Students dismayed over camping ban on campus

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Students and faculty criticized University administration for a new rule restricting camping on campus and questioned the motivation at a time when camping is a prime symbol of the Occupy movement at a faculty council meeting Monday.

University spokesman Gary Susswein said the amendment to the Handbook of Operating Procedures took effect Jan. 11. The Office of Legal Affairs drafted the amendment. President William Powers Jr. then reviewed it and submitted it to the University of Texas System, where it was approved by the executive vice chancellor for Academic Affairs, Susswein said.

The amendment defines camping on campus as the attempt to establish temporary or permanent living quarters outside University housing, sleeping outdoors between 10 p.m. and 8 a.m. and setting up a sleeping area at anytime with tents and other “sleeping equipment.” People may not camp on campus except in cases of sports tailgating, performances authorized by the University and natural disaster situations.

Patricia Ohlendorf, vice president for Legal Affairs, said the amendment is not a response to Occupy UT protest concerns, but is supposed to clarify rules already enforced by the University. Powers said the administration will help students interested in protesting.

“If it’s the symbolic act of putting up tents we can work with that,” Powers said.

Powers said the amendment is important to reiterate the University’s position.

“I don’t think we want people for long periods of time camping on campus,” Powers said.

The Occupy UT movement has protested against several grievances, including proposed tuition increases, but it has not used camping as a form of protest. Assistant English Professor Snehal Shingavi said the amendment seems like a response targeting the Occupy movement.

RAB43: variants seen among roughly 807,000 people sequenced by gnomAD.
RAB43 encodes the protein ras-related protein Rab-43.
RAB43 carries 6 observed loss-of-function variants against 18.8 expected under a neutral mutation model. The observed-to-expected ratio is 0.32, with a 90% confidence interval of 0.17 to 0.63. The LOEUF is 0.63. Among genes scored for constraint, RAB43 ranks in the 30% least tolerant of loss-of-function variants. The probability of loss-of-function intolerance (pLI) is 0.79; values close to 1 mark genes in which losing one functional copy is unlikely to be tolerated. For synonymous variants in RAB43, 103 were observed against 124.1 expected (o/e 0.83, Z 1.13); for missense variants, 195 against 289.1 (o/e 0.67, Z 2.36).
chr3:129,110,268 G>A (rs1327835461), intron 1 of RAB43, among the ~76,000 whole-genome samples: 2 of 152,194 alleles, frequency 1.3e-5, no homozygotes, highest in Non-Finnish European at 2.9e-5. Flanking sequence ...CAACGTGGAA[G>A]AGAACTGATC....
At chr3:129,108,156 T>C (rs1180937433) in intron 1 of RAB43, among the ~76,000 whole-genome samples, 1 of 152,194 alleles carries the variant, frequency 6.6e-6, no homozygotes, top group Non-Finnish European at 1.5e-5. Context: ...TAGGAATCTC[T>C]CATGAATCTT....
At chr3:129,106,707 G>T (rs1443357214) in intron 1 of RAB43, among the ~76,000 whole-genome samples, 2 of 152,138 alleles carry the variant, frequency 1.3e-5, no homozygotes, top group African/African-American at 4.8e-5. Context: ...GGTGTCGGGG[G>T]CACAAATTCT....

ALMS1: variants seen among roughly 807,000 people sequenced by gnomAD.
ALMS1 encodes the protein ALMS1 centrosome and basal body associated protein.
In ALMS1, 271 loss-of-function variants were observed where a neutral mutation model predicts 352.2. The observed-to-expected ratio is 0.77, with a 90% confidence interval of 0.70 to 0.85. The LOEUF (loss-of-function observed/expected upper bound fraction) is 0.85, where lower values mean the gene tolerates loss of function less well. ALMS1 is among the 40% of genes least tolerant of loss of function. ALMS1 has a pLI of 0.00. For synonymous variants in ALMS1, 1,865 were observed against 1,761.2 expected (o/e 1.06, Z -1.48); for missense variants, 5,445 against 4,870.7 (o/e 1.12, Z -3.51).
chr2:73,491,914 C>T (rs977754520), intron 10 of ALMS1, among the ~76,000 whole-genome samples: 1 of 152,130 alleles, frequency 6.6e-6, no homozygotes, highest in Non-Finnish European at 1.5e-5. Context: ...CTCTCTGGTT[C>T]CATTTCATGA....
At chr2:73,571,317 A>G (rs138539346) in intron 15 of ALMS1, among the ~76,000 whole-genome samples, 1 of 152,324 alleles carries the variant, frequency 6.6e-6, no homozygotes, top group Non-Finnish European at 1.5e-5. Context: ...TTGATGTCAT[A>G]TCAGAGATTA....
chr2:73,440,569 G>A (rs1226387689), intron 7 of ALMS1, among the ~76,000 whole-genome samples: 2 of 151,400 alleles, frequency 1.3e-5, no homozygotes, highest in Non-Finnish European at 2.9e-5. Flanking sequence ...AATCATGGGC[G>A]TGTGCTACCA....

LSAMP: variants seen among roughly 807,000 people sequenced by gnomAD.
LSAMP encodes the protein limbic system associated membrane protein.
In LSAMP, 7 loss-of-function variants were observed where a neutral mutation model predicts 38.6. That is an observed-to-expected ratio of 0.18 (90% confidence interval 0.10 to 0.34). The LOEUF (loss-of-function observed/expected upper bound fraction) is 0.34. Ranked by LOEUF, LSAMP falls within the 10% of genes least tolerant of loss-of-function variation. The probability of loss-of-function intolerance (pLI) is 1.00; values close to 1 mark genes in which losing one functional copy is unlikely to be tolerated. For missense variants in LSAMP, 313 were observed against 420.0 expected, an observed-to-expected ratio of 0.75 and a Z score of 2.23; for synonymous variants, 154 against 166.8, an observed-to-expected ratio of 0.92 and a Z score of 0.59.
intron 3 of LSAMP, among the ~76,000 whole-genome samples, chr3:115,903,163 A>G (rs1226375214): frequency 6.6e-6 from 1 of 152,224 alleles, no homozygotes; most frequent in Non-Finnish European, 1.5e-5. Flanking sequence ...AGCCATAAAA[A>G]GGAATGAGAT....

“I think that it has a political motivation,” Shingavi said. “It’s been presented in a way to intimidate students from protests.”

Marketing professor Mark Alpert said there are rational reasons to limit camping, such as campus safety. He said the amendment is not an administrative attempt to limit free speech, but is an important clarification to provide to students.

“I think this administration is trying to encourage students to protest,” Alpert said. “A lot of people are trying to work to help people to disagree with us.”

Lucian Villaseñor, Mexican-American studies senior and Occupy UT member, said it feels like the administration is trying to squelch Occupy UT. Villaseñor said occupying a space at UT is still a possibility if membership numbers increase.

“The only way to receive any change here is to not operate within the system,” Villaseñor said. Villaseñor said the administration should not make exceptions for other groups if Occupy UT is not allowed to camp out. He said administrators approached individual Occupy UT members but did not attend general meetings to discuss the camping issue.

“They’re trying to outline how we can have a toothless protest,” Villaseñor said. “Maybe they think we’re a threat to the University.”